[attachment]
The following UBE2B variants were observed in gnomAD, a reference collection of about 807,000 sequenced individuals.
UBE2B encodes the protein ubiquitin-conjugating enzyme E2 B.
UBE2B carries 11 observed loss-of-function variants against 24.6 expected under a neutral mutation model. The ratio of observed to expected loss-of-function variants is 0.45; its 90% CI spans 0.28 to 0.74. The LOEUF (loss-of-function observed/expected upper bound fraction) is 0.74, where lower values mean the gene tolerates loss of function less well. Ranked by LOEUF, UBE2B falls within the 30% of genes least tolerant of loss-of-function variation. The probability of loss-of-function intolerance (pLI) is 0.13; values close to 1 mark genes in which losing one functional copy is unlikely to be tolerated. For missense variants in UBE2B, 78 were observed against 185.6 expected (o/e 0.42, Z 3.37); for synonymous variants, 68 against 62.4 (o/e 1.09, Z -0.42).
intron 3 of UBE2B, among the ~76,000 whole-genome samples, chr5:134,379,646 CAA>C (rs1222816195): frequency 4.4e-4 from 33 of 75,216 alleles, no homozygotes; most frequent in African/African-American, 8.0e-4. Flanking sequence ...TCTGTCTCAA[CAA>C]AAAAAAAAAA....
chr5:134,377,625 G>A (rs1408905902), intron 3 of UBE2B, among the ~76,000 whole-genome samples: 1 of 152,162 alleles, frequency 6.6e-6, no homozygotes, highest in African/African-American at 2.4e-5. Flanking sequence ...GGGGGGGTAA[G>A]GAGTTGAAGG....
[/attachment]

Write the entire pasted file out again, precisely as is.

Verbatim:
The following UBE2B variants were observed in gnomAD, a reference collection of about 807,000 sequenced individuals.
UBE2B encodes the protein ubiquitin-conjugating enzyme E2 B.
UBE2B carries 11 observed loss-of-function variants against 24.6 expected under a neutral mutation model. The ratio of observed to expected loss-of-function variants is 0.45; its 90% CI spans 0.28 to 0.74. The LOEUF (loss-of-function observed/expected upper bound fraction) is 0.74, where lower values mean the gene tolerates loss of function less well. Ranked by LOEUF, UBE2B falls within the 30% of genes least tolerant of loss-of-function variation. The probability of loss-of-function intolerance (pLI) is 0.13; values close to 1 mark genes in which losing one functional copy is unlikely to be tolerated. For missense variants in UBE2B, 78 were observed against 185.6 expected (o/e 0.42, Z 3.37); for synonymous variants, 68 against 62.4 (o/e 1.09, Z -0.42).
intron 3 of UBE2B, among the ~76,000 whole-genome samples, chr5:134,379,646 CAA>C (rs1222816195): frequency 4.4e-4 from 33 of 75,216 alleles, no homozygotes; most frequent in African/African-American, 8.0e-4. Flanking sequence ...TCTGTCTCAA[CAA>C]AAAAAAAAAA....
chr5:134,377,625 G>A (rs1408905902), intron 3 of UBE2B, among the ~76,000 whole-genome samples: 1 of 152,162 alleles, frequency 6.6e-6, no homozygotes, highest in African/African-American at 2.4e-5. Flanking sequence ...GGGGGGGTAA[G>A]GAGTTGAAGG....